Be authentic to your product and you’ll attract the right audience for you. You might feel like you need to reach as many people as possible but you’re never going to please everyone! Instead, be clever about who it is that you are trying to attract – then be clear and, most importantly, honest about your subject. People appreciate honesty, especially when a lot of the content we see online is only ever the ‘highlight reel’ rather than the full picture. Honesty connects with people and can make for engaging content.
Don’t be afraid of the obvious
Often, it’s easy to try and be too clever about your subject – especially if that’s an area in which you have a lot of experience and knowledge, or a topic you have researched in depth. It’s key here to remember your audience – how much do they already know? You want them to understand your topic or product, to be interested to find out more. As Theo Bosquanet says, when conducting an interview sometimes it’s the simplest questions that result in the best answers as they allow people to open up and expand upon their subject. It’s OK to not know something – after all, you’re interviewing someone to share their knowledge and experience with your audience. Also allow your interviewee time to open up – they might reveal something you couldn’t have found out through your research and it’s those personal, human touches that engage people.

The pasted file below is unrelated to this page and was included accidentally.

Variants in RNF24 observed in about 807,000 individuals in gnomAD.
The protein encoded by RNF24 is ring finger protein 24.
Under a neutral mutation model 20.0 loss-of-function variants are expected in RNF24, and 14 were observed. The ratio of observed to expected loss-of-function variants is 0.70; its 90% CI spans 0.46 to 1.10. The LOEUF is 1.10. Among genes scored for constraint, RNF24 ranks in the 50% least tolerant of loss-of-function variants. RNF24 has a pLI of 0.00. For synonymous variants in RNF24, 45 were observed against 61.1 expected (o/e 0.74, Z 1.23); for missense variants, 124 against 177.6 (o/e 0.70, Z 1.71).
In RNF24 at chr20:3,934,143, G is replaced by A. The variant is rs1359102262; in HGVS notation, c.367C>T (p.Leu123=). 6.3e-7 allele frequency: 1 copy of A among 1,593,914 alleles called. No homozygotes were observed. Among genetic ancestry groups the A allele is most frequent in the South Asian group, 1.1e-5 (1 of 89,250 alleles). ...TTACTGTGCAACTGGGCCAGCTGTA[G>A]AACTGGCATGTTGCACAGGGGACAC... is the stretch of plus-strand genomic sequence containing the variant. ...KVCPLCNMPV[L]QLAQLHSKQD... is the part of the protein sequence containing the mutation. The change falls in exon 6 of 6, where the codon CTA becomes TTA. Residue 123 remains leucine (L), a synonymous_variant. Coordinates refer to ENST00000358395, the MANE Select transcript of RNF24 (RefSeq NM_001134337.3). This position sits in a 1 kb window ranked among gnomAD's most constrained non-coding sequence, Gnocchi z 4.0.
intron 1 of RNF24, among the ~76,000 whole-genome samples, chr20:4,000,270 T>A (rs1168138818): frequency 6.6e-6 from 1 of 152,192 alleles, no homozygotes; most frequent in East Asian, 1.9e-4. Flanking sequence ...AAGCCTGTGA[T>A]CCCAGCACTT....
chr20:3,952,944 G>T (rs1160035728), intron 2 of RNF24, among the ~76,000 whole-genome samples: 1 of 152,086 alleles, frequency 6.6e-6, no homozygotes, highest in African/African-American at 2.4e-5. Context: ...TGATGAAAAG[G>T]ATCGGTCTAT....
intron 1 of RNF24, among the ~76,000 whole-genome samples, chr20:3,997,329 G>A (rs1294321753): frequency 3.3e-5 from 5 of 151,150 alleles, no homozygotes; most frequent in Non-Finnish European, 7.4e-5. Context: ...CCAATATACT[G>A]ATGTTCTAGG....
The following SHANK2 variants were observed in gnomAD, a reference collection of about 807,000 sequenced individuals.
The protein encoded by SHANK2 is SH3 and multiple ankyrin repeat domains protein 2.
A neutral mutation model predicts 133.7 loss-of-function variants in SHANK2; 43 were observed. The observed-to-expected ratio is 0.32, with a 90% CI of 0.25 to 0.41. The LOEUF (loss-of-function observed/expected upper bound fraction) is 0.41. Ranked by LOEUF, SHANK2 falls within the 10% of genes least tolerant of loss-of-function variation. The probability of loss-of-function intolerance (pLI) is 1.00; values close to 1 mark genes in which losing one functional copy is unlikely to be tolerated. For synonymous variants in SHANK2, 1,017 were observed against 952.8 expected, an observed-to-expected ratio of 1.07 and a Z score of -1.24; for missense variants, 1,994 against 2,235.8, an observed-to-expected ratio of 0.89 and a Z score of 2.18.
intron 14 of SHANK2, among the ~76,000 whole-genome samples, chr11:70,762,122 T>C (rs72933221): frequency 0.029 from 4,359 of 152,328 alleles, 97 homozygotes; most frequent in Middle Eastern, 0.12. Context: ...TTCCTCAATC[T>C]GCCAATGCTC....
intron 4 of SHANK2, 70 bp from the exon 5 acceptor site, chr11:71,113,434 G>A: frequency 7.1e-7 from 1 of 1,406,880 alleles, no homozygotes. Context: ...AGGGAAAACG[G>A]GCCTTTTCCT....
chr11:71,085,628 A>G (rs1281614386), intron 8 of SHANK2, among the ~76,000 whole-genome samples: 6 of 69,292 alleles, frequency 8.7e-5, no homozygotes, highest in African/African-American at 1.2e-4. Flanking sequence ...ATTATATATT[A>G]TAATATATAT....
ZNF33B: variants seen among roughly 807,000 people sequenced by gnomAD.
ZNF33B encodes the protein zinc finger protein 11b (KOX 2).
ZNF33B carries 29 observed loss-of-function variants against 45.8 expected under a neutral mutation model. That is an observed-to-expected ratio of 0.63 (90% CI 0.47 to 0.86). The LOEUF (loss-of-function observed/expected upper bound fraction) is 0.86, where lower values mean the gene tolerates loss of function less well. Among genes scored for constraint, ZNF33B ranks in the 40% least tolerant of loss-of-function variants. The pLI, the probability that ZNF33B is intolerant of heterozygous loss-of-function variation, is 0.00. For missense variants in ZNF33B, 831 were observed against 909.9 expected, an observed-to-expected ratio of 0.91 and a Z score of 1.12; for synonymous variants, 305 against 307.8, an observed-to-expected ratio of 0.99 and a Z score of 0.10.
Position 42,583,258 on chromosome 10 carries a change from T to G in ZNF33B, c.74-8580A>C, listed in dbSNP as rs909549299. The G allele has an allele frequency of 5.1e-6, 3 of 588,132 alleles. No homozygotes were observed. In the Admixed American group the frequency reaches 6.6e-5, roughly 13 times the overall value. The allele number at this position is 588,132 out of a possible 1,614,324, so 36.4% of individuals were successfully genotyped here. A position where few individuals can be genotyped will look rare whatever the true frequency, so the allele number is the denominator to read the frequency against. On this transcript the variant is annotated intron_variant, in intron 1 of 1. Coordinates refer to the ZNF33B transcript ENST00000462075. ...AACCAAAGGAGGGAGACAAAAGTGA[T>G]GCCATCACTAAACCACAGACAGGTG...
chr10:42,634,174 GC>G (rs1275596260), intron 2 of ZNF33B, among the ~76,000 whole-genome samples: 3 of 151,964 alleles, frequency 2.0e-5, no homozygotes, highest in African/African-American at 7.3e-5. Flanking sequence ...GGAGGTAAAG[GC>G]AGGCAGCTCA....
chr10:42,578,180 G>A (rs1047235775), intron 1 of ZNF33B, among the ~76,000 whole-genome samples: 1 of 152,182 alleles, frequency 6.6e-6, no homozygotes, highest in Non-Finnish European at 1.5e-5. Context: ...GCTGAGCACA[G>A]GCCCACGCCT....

The best way to launch is not to launch
It might sound contradictory but if we think about the film industry this is actually something we see all the time. There’s always a trailer and the general build up around the big film ‘coming soon’. It’s all about beginning that process of building up an audience before you release your content. That might not be necessary all the time, but if you’re marketing or creating content around a production or a new product then it’s super helpful to think about the trail that you are leaving for your audience – or the audience that you want to have when you finally launch. When you do launch, you can also re-purpose the content you have created for different platforms. The content on your website can be re-purposed for social media for instance – just tailor it to fit each network or platform, whether that’s in the title or in the snippet that you share from it.
There’s a lot to think about but in the end it’s all about producing informed content that connects with your wider industry and, in turn, your audience. If you know what’s exciting about what you’re creating then your audience will too.
As a last piece of advice from the panel: keep things fresh, look for ways to stir up your formula and disrupt your normal routines.
Rachel Elderkin is a freelance dance artist and writer based in London. She is a regular contributor to The Stage and international dance site, Fjord Review. Alongside her work as a dancer and writer, she hosts Dance Dialogues: A Podcast, featuring guests from across the dance world. She is also a member of the dance section of the Critics' Circle.